Apple, Microsoft-backed trade group now says “SOPA needs work”

After stirring up controversy with its support of the Stop Online Piracy Act (SOPA), the Business Software Alliance (BSA) — an industry trade group that counts the likes of Apple, Microsoft, and 27 other tech companies among its members — now says that the controversial bill “needs work” before it can be passed.

“Valid and important questions have been raised about the bill,” wrote BSA president and CEO Robert Holleyman in a blog post today. “It is intended to get at the worst of the worst offenders. As it now stands, however, it could sweep in more than just truly egregious actors.”

Holleyman reiterated that he believes in SOPA’s basic goals towards stopping piracy and to “promote creativity” among legitimate tech companies, but SOPA in its current form reaches too far.

We reported last week that BSA’s support of SOPA meant that its members, which includes other major companies like Adobe, Dell, and Intel, implicitly supported the bill as well. We asked Apple and Adobe for further comment on the news, but didn’t hear back until today, when an Apple rep pointed us to the BSA blog post.

If passed, SOPA would allow the government to block access to any website in the U.S. deemed to contain pirated content. While stopping piracy is certainly a noble goal, SOPA’s broad reach could allow anyone to complain about a website and effectively have it blocked. SOPA would mean the end of the Digital Millennium Copyright Act’s “safe harbor” concept, which is what currently prevents copyright holders from instantly getting sites like YouTube thrown off the web if someone uploads pirated content.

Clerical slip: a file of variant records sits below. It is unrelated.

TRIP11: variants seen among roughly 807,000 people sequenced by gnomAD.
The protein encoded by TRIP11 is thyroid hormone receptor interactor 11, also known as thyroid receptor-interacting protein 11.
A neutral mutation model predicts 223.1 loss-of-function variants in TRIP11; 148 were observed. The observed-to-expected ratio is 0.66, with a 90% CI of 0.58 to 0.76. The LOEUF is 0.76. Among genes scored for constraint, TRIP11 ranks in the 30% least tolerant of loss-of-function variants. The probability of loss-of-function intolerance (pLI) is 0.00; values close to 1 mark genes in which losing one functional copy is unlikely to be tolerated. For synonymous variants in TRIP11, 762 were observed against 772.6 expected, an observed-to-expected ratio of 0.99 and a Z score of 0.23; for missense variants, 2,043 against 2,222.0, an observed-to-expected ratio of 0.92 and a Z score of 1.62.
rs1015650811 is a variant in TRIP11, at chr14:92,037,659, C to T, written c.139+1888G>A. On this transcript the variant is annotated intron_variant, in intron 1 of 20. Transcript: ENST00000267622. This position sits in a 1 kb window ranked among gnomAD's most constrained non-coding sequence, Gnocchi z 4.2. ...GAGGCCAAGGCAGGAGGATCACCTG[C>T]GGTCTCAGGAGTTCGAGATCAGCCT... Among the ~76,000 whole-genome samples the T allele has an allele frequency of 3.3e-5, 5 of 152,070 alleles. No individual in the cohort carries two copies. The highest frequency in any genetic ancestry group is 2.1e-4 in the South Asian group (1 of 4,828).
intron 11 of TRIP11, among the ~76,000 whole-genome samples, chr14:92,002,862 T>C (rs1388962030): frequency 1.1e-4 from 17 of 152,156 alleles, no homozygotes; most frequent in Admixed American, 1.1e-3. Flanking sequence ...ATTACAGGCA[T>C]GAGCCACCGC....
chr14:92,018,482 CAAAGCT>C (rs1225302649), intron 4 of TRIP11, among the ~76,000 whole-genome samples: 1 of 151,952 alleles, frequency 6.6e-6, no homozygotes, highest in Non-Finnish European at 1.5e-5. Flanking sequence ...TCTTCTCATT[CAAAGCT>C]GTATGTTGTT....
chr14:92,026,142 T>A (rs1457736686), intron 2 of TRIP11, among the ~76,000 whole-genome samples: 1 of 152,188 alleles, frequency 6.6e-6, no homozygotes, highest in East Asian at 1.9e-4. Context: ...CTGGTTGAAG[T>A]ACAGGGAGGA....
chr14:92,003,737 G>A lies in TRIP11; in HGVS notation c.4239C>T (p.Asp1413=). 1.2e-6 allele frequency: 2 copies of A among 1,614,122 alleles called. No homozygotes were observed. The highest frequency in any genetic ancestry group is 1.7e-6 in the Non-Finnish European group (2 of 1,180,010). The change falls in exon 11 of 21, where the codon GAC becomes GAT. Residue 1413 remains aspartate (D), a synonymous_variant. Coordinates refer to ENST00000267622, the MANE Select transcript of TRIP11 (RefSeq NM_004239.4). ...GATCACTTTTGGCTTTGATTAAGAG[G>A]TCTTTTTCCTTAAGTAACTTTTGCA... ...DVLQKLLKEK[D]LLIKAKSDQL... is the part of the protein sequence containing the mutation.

“To fix this problem, definitions of who can be the subject of legal actions and what remedies are imposed must be tightened and narrowed,” Holleyman wrote. “Due process, free speech, and privacy are rights cannot be compromised. And the security of networks and communications is indispensable to a thriving Internet economy… BSA has long stood against filtering or monitoring the Internet. All of these concerns should be duly considered and addressed.”


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